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Historical Materialist Perspectives in Archaeology from America, Europe and the Near East in the 21st Century
Volume Editor:
This volume gathers papers written by archaeologists utilising the methods of historical materialism, attesting not only to what Marxism has contributed to archaeology, but also to what archaeology has contributed, and can contribute, to Marxism as a method for interpreting the history of humanity. The book’s contributors consider the question of what archaeology can contribute to a historical perspective on the overcoming of present-day capitalism, synthesising developments in world archaeology, and supplying concrete case studies of the archaeology of the Americas, Europe and the Near East.

Contributors are: Guillermo Acosta Ochoa, Marcus Bajema, Bernardo Gandulla, Alex Gonzales-Panta, Pablo Jaruf, Vicente Lull, Savas Michael-Matsas, Rafael Micó, Ianir Milevski, Patricia Pérez Martínez, Cristina Rihuete Herrada, Roberto Risch, Steve Roskams, Henry Tantaleán, Marcelo Vitores, and LouAnn Wurst.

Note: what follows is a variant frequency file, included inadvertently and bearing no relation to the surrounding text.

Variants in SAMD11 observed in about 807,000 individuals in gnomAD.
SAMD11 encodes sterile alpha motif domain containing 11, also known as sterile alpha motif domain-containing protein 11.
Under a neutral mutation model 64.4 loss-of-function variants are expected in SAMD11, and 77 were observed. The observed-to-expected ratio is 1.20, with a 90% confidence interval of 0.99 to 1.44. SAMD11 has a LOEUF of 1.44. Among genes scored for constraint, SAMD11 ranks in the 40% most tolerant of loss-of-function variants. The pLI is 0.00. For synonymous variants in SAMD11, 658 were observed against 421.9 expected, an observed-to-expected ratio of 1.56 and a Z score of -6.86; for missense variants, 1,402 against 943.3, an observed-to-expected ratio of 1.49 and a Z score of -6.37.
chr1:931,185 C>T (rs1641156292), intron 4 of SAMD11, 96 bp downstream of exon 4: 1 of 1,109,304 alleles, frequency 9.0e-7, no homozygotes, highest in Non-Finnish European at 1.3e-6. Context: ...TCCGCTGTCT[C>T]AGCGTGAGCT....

In: Marxist Archaeology Today

Several occupation levels dating to the sixth to fifth millennia BC (the Wadi Rabah and pre-Ghassulian Late Neolithic and Chalcolithic cultures as well as the Early Bronze Age IB–II) were found in a salvage excavation conducted at Ein Zippori in the lower Galilee. Pottery vessels from the different periods were sampled for organic residue analysis study and were analyzed using gas chromatography (GC) coupled with mass spectrometry (GC-MS). Olive oil was one of the most common organic residues detected in the vessels, from the levels of the Wadi Rabah occupation and onwards (sixth to fifth millennia BC). This find throws new light on the exploitation of olives in the southern Levant as well as on the large-scale production and consumption of olive oil in the Late Pottery Neolithic and pre-Ghassulian Chalcolithic times.

In: Israel Journal of Plant Sciences


Three Hebrew ostraca, found near Khirbet Zanu’ (Ḥorvat Zanoaḥ) and published by Milevski and Naveh in 2005, were re-imaged using a high-end multispectral imaging technique. The re-imaging yielded dozens of changed or added characters and resulted in renewed, larger and improved readings, hereby published. In addition, we interpret the texts of the ostraca and place them in the context of the economy and administration of Judah in the seventh century BCE.

In: Vetus Testamentum